In their Quarterly Review and Outlook, Van Hoisington and Lacy Hunt, gives us a few facts and graphs that are not all that optimistic. The Leading Economic Index, as compiled by the Conference Board, has now contracted over the past six months (see chart below). They note this has happened 13 times since the Korean War, and we had outright recession after 9 of those periods and serious economic slowdowns followed the other 4 episodes. As they are bond managers, they also note that both long-term and short-term rates fell in the aftermath of all 13 slumps.

They also note that there have been 7 times when the yield curve has inverted and the LEI also contracted for six months. The last 6 of those times have seen a recession an average of 9.3 months later.

Look at the graph of the yield curve below. The yield curve is odd, in that the 6-month is a full 20 basis points above the 3-month. Normally, when looking at the data which correlates inverted yield curves and recession, you look at the difference between the 3-month T-bill and the 10-year bond. Today, the 10-year bond is 1 basis point above the 3-month bill. I expect that to change shortly after August.

At that time, or some time shortly before that, the yield curve should be fully inverted over the whole curve. Dave Wescott, who has been trading bonds for over 30 years, wrote this note to me about the unusual shape of the curve:

"With almost 30 years of experience of managing U.S. Treasury and Agency fixed income portfolios I thought I would try to provide some additional insight to your observation of the three month bill trading so rich to the six month bill and Fed Funds. This relationship is really not that odd during periods of rising rates. When looking at Fed Funds, the 3 month bill and the 6 month bill, investors only have two choices in making an investment. Fed Funds can not be purchased by investors so the choice to invest is limited to the 3 month or 6 month maturities. The decision is usually explained by looking at a break even analysis. Currently, investors could choose a 3 month investment at 5% or a 6 month investment at 5.25%. If an investor chooses the 3 month investment at 5% he/she must be able to re-invest the proceeds at 5.5% at the end of 3 months to equal the return over 6 months with the 5.25% 6 month investment now available in the market. The short end of the curve is dominated by investor's choices of where rates will be over the near term. Investors today believe that 3 month rates will be higher by 50 basis points 3 months from today. Liquidity and flight to quality do play a part but those investors have a choice of where to invest and will also choose the maturity based on the current curve and their expectations of where rates will be in the future."

Leading Indicators Point to Employment Slowdown

And one last chart before we wind up this week's letter. Two key leading indicators of employment, the temporary employment index and the help wanted index are heading down. As the chart shows, when that happens, a recession or slowdown in the economy (shaded area) shortly follows.

"Has the US labor market had its day? 'Analytically, this expectation is based on a deceleration in GDP growth primarily caused by the end of the housing boom. It has been the main driver behind the increase in jobs for years. But more important is the fact that corporate profit growth should have peaked: input costs have soared, but pricing power did not. Therefore, companies are becoming less keen to hire,' according to HVB." (Source: Barry Ritzholtz)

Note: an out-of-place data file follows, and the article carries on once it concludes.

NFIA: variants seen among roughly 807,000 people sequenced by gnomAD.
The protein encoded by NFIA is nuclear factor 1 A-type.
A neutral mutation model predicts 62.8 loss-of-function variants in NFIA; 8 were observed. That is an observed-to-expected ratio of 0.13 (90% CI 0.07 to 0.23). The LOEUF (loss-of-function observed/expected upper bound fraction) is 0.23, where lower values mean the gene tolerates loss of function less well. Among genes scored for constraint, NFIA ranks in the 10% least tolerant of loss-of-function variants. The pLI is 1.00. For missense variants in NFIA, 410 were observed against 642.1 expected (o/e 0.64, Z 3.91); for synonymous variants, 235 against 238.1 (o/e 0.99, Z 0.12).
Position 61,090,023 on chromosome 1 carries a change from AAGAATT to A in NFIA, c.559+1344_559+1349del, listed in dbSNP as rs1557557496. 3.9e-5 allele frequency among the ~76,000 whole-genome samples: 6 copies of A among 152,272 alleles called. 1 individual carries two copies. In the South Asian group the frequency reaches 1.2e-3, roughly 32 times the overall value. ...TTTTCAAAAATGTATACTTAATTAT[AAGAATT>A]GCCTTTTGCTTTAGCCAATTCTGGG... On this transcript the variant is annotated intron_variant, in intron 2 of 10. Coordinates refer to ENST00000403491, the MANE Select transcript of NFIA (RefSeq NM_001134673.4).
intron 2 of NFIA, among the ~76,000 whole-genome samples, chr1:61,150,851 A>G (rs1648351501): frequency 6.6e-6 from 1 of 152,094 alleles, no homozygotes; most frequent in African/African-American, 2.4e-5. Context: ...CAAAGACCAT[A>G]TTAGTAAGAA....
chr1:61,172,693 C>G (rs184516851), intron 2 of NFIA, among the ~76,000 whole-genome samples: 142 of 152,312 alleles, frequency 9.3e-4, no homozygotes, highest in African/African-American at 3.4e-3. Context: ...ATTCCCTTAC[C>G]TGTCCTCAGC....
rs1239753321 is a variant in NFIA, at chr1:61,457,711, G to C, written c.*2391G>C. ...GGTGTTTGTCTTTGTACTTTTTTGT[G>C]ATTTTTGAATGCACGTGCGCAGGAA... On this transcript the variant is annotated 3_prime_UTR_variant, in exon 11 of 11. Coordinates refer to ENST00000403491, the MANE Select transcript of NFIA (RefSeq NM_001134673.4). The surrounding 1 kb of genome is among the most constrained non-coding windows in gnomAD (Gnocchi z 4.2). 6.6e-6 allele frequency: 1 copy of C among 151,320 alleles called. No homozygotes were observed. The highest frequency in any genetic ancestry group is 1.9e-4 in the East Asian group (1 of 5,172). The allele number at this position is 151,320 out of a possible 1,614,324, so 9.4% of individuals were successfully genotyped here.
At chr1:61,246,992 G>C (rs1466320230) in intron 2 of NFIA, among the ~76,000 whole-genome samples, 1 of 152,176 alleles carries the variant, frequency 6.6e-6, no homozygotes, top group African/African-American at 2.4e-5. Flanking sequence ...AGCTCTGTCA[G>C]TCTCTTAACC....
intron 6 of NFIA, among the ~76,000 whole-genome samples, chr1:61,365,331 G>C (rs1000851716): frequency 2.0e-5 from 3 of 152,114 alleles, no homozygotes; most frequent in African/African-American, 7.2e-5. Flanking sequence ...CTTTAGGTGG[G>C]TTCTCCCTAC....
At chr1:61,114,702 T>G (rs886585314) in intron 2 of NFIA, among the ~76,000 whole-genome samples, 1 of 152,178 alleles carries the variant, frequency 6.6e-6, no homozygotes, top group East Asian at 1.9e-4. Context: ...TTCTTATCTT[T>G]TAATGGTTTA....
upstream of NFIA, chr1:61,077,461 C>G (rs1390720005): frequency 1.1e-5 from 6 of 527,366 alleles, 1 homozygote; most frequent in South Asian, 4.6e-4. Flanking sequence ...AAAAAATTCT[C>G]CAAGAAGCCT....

So, who's right? Are we beginning a slowdown so the Fed does not need to raise rates? Or is inflation a real problem and the Fed will have to keep raising?

In the longer term, it does not matter. There is a slowdown in our economic future, probably showing up in the data no later than the first quarter of next year. That means the stock market is going to have issues, as my kids would say. It also means bonds are going to be a good investment.

I have had readers ask me about the 4-year election cycle. I do not have a lot of faith in it as a reliable predictor, but to the extent it coincides with a tightening Fed cycle, it has a relative degree of accuracy, and that is the situation that we find ourselves in now. On average, the Dow dropped 22% from its election-year high to the low in the mid-term years. The Stock Traders Almanac from the Hirsch Organization issued a client advisory last week targeting a Dow, S&P 500, and NASDAQ at 8500, 950, and 1750 by the end of the year. The good news, as Matt Blackman noted, is that the Dow gained an average 50% from those lows to the highs over the next two years.

Is that where we will end up? I have no idea. The Fed is still the key. Beyond the August 8 meeting, I think they do not know what they will do. It will truly depend on the data that comes between meetings. We can speculate, but anyone who does without a few caveats is venturing into the territory of "Often wrong, but never in doubt."

Boston, Maine and Fly Fishing

It is time to hit the send button. It has been a long week, but youngest son Trey had a great time in La Jolla surfing, although he found the dinner with sci-fi writers David Brin and Vernor Vinge a little hard. "Dad, you guys used a lot of words I didn't understand." But he liked the food at George's.

He may have a problem this next week as well. David Kotok at Cumberland Advisors invited me and a colleague to his annual fishing trip, along with other economists, Fed types, and other ne'er-do-wells in the money business. I asked if my son could be my colleague and he graciously allowed me to bring him, so we are taking a float plane from Bangor into a lake near Grand Lake Stream. Three days of camping and fishing (plus a lot of good wine!). I understand my cell phone will not work. I think withdrawal should be easy. And my guess is that Trey will have so much fun that he will just overlook the conversations full of jargon. But then, economists are likely to use a lot of words I don't understand either. It should be fodder for a future e-letter, as there is a lot of discussion (and minor wagering) about the future of the economy.

But it means a layover in Boston on Wednesday night, so Trey and I will be available for a clients and prospects and friends dinner.

I am actually wired about going. It should be a lot of fun. I need a few days off here and there. Have a great week and remember to take some time with family and friends!

Your going to learn to fly fish analyst,

 


 

John Mauldin

Author: John Mauldin

John Mauldin
Frontlinethoughts.com

John Mauldin